Don't Abandon Preferred ETFs

As investors digest the fact that the Federal Reserve is increasingly determined to raise interest rates following its December meeting, a plethora of rate-sensitive asset classes, sectors and exchange-traded funds are likely to come under intense scrutiny.

Just look at last week's repudiation of utilities stocks and ETFs. Similar treatment could extend to real estate stocks and ETFs, as well as master limited partnerships, long duration bonds and other favored areas of income generation.

The same probably holds true for preferred stocks and ETFs such as the iShares S&P US Pref Stock Idx Fnd (ETF) (NYSE:PFF).

Maybe Don't Ditch...

However, income investors might not want to be too hasty in ditching PFF and rival preferred ETFs, even as interest rates climb.

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While it is true that preferred stocks may see price declines as traditional long-term bonds would, the losses may be more than offset by the potential yield. Additionally, because we expect the rate rises to be gradual, we wouldnt expect to see big downward spikes in preferred prices. Preferred stocks may also be attractive due to the fact that theyre issued mainly by financial companies, like banks. Thats because banks have historically tended to do well in rising rate environments, as they can benefit from making loans at higher interest rates, according to a recent blog post by BlackRock, PFF's issuer.

Income Investors And Preferred Stocks

Income investors embraced preferred stocks, in large part, because of high yields, but as the spike in Treasury yields earlier this year and in 2013 taught investors, high-yielding assets are vulnerable to rising rates.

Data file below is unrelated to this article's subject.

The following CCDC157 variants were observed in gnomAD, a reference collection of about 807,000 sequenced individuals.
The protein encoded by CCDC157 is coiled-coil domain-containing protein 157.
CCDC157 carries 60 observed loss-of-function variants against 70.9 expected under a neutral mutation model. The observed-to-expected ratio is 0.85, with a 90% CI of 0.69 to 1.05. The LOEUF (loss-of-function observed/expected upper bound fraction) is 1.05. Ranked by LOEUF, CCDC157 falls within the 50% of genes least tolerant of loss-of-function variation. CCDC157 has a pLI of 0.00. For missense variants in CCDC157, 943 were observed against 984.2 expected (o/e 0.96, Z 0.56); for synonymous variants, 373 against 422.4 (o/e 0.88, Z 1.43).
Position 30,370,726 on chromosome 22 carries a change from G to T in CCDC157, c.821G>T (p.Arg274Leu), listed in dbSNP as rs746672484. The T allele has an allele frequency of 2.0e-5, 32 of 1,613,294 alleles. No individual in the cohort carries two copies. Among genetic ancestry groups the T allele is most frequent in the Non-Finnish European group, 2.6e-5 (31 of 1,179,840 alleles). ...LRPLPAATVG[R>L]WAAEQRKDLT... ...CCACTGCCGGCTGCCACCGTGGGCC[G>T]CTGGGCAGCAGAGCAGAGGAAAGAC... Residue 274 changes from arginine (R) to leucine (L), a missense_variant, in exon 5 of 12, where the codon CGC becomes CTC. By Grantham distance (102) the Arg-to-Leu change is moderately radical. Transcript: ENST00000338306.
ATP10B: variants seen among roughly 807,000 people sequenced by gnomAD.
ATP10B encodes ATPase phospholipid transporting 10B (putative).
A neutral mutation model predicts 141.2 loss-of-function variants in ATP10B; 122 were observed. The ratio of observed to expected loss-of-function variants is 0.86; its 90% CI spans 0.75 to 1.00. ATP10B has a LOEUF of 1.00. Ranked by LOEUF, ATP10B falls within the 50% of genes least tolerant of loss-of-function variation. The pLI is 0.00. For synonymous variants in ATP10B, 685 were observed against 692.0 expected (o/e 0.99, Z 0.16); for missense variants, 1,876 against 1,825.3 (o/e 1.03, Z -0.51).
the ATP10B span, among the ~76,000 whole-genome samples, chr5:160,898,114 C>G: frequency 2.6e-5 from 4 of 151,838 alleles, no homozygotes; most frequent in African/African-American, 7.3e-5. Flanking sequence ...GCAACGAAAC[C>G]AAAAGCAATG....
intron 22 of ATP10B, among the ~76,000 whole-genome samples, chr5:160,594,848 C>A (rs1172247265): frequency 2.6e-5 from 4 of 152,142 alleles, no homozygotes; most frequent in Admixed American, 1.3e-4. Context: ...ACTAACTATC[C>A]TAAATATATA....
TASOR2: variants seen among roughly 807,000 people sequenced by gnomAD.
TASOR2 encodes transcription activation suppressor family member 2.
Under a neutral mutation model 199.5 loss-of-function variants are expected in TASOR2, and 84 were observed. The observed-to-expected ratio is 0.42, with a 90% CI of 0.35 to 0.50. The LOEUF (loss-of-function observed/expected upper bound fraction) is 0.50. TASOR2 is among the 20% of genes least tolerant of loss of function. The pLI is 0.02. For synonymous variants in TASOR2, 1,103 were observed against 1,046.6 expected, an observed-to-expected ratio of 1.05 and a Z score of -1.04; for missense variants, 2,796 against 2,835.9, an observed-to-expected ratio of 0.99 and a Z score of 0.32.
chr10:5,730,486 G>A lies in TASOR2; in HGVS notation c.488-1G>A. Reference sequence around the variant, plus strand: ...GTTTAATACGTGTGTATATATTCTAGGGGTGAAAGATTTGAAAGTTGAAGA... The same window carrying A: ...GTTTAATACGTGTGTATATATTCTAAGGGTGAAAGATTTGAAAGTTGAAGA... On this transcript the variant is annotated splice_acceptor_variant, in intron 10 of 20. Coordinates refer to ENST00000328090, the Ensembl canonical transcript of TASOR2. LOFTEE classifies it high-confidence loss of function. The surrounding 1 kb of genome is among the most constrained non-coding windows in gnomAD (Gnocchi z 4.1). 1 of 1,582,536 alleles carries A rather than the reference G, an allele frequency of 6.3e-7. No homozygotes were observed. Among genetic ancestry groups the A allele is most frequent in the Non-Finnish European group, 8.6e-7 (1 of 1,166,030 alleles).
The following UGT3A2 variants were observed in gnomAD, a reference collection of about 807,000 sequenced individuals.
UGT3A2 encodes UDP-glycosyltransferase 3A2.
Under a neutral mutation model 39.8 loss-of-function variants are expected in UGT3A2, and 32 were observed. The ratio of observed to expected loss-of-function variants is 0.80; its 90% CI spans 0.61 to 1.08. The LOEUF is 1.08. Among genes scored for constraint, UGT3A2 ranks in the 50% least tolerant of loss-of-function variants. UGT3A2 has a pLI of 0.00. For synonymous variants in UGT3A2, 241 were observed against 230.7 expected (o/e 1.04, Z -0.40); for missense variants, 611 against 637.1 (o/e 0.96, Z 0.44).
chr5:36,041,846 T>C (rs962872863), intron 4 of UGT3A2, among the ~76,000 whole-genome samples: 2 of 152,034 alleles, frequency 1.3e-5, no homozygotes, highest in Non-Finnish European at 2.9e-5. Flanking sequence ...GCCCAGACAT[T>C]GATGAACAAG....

Of course, sensitivity to rising rates comes by way of a bond's duration; the longer the duration, the more sensitive it is to fluctuations in interest rates.

A preferred stock is a type of security that offers characteristics of both bonds and equities. The primary source of allure with preferreds is yield, though preferred shareholders are higher on the totem pole in the event of issuer bankruptcy or default than are common equity holders. In the case of PFF, the ETF is undoubtedly tempting with a trailing 12-month yield of almost 6.2 percent.

Because preferred stocks have a fixed dividend and may not fluctuate the way common stocks do when the market changes, they can potentially reduce the overall volatility of an equity or high yield portfolio. Keep in mind, however, that preferred stocks are more volatile than traditional fixed income and can carry more risk when financial sectors are under pressure, added BlackRock.

Although investors may be fretting about higher interest rates, that mentality is not reflected in their treatment of PFF; the ETF has added nearly $526 million in new assets since the start of the fourth quarter.

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